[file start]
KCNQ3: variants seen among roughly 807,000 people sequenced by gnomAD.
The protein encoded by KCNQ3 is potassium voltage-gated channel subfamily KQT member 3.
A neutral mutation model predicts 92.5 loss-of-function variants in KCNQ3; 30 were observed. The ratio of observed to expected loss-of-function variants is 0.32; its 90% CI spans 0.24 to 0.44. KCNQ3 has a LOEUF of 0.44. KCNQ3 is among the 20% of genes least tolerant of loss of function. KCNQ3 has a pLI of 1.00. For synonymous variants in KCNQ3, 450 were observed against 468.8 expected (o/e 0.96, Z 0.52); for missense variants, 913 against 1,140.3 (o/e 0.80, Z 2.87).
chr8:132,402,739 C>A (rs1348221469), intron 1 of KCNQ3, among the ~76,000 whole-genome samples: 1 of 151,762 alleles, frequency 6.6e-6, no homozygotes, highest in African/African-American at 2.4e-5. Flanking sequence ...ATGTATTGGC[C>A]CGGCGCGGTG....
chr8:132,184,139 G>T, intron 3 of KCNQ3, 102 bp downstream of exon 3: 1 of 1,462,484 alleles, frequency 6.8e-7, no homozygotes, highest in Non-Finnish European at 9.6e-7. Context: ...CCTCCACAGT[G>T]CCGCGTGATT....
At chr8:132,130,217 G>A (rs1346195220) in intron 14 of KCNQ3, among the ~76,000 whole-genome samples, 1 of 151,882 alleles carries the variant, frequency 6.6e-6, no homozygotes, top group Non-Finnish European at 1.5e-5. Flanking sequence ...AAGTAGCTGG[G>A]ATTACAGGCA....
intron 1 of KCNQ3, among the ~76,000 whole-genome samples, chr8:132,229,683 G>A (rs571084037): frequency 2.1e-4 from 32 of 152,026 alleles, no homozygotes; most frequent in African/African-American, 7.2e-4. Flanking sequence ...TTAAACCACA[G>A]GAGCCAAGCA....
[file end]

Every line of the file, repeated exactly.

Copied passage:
KCNQ3: variants seen among roughly 807,000 people sequenced by gnomAD.
The protein encoded by KCNQ3 is potassium voltage-gated channel subfamily KQT member 3.
A neutral mutation model predicts 92.5 loss-of-function variants in KCNQ3; 30 were observed. The ratio of observed to expected loss-of-function variants is 0.32; its 90% CI spans 0.24 to 0.44. KCNQ3 has a LOEUF of 0.44. KCNQ3 is among the 20% of genes least tolerant of loss of function. KCNQ3 has a pLI of 1.00. For synonymous variants in KCNQ3, 450 were observed against 468.8 expected (o/e 0.96, Z 0.52); for missense variants, 913 against 1,140.3 (o/e 0.80, Z 2.87).
chr8:132,402,739 C>A (rs1348221469), intron 1 of KCNQ3, among the ~76,000 whole-genome samples: 1 of 151,762 alleles, frequency 6.6e-6, no homozygotes, highest in African/African-American at 2.4e-5. Flanking sequence ...ATGTATTGGC[C>A]CGGCGCGGTG....
chr8:132,184,139 G>T, intron 3 of KCNQ3, 102 bp downstream of exon 3: 1 of 1,462,484 alleles, frequency 6.8e-7, no homozygotes, highest in Non-Finnish European at 9.6e-7. Context: ...CCTCCACAGT[G>T]CCGCGTGATT....
At chr8:132,130,217 G>A (rs1346195220) in intron 14 of KCNQ3, among the ~76,000 whole-genome samples, 1 of 151,882 alleles carries the variant, frequency 6.6e-6, no homozygotes, top group Non-Finnish European at 1.5e-5. Flanking sequence ...AAGTAGCTGG[G>A]ATTACAGGCA....
intron 1 of KCNQ3, among the ~76,000 whole-genome samples, chr8:132,229,683 G>A (rs571084037): frequency 2.1e-4 from 32 of 152,026 alleles, no homozygotes; most frequent in African/African-American, 7.2e-4. Flanking sequence ...TTAAACCACA[G>A]GAGCCAAGCA....